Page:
Fast Fashion reliance on fossil fuels is eating up global carbon budgets and polluting our water

It turns out that recycling all those plastic water bottles into fleece isn’t enough to solve the problems of “fast fashion”.  An eye-opening report released on February 3 documents the scope of the environmental damages caused by the global fashion industry, and makes recommendations for government regulation and consumer action.

Fossil Fashion: The hidden reliance of fast fashion on fossil fuels lays out the scale of the problem:

“The global fashion industry is one of the most polluting industries in the world. Research from the European Environment Agency has highlighted that textiles are the fourth largest cause of environmental pressure after food, housing and transport. The fashion industry is responsible for a significant share of global water pollution, consumes more energy than shipping and aviation combined, and by 2050 is anticipated to be responsible for 25% of the world’s remaining carbon budget. Furthermore, our clothes release half a million tonnes of microfibres into the ocean every year, equivalent to more than 50 billion plastic bottles.”….. “Without prompt and radical legislative action and a considerable slowdown, fast fashion’s quest for cheap clothing will create untenable volumes of waste and toxic microfibres, and emit more carbon than the planet can handle.”

 

The report provides detail statistics related to production, recycling, and the environmental and pollution impacts, summarized by this overview:    “Production of polyester has grown ninefold in the past 50 years, and the fibre has been widely adopted in the fashion industry as a low-cost material that allows brands to churn out a never-ending variety of cheap items ….Polyester is cheap, costing half as much per kilo as cotton, and has cemented itself as the backbone of today’s throwaway fashion model. The trends speak for themselves, with the average consumer buying 60% more clothing compared to 15 years ago, yet wearing each item of clothing half as long. Polyester’s flexibility as a material has seen it creeping into other materials too, with blends such as cotton and polyester increasingly being used, creating another set of problems when it comes to waste management. ….Recycling will not solve fast fashion’s problems, nor will it curb the exponential growth in the use of synthetic fibres. Currently, less than 1% of clothes are recycled to make new clothes, and the share of recycled polyester is declining; while it accounted for 14% in 2019, this will in fact decrease to 7.9% of overall polyester production by 2030. Furthermore, virtually all recycled polyester in clothing comes not from recycled garments, but from recycled plastic bottles.”  …. Recycling also does nothing to solve a problem both microscopic and enormous: microfibres. These tiny fragments of plastic shed from our clothes when we wash them, wear them or throw them out, and leak into our bodies and the natural world. Microfibres are found throughout ocean ecosystems, with a recent study discovering that 73% of microfibre pollution in formerly pristine Arctic waters is from synthetic fibres that could be coming from textiles. Graver still, microplastics have even been found in the placentas of unborn babies, affecting the human body in ways that are not yet fully understood.”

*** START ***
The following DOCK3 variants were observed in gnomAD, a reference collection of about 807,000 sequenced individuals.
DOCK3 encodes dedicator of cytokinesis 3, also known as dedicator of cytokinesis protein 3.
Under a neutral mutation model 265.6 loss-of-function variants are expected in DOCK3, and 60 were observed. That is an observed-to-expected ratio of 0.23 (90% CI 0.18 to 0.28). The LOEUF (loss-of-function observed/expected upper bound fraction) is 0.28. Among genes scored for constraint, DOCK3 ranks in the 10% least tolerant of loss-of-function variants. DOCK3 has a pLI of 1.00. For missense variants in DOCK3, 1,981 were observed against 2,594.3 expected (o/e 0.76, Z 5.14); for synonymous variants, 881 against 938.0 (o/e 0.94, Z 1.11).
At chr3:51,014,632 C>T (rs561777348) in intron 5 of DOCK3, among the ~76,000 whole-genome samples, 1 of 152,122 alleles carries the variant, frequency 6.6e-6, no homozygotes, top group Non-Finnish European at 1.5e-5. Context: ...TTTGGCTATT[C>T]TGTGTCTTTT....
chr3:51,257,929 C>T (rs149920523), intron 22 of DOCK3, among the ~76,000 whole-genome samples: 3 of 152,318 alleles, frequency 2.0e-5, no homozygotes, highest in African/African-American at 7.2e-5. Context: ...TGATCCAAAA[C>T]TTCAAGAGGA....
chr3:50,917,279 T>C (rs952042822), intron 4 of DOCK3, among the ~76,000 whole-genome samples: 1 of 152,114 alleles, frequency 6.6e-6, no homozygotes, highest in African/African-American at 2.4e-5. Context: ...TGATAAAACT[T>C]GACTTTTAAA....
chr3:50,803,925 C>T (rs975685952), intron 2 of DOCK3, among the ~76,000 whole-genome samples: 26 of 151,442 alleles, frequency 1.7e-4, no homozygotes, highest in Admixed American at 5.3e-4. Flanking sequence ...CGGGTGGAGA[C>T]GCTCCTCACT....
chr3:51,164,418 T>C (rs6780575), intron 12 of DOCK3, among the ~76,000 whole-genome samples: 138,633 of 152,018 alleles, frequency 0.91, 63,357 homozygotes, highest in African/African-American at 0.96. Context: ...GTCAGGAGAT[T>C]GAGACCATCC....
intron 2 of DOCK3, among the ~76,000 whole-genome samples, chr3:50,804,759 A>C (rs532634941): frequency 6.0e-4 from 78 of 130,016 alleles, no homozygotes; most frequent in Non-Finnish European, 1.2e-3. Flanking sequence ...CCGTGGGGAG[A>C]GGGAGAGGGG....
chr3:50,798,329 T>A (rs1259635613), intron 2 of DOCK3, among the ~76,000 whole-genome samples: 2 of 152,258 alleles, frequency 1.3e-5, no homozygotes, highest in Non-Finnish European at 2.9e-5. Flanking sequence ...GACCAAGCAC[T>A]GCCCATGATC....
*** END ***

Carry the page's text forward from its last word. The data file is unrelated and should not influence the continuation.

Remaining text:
The main recommendations in this report deal with environmental/sustainability/pollution regulation in the EU – coinciding with January 2021 EU consultations for a strategy “Roadmap” to “shift to a climate-neutral, circular economy where products are designed to be more durable, reusable, repairable, recyclable and energy-efficient” in the Covid-19 recovery.  Canada, like the EU, is mainly an importer of fast fashion, so the relevant recommendations from Fossil Fashion are those for the consumer. Relying on individual action and purchasing power, they call for people to stop compulsive shopping and buy only from brands which have made a clear and transparent commitment to sustainably sourced supply chains.  The report also calls for consumers to join in “raising awareness of the issues surrounding fast fashion, and use their voices to highlight issues such as greenwashing, exploitative practices, environmental harm and unsustainable consumption.”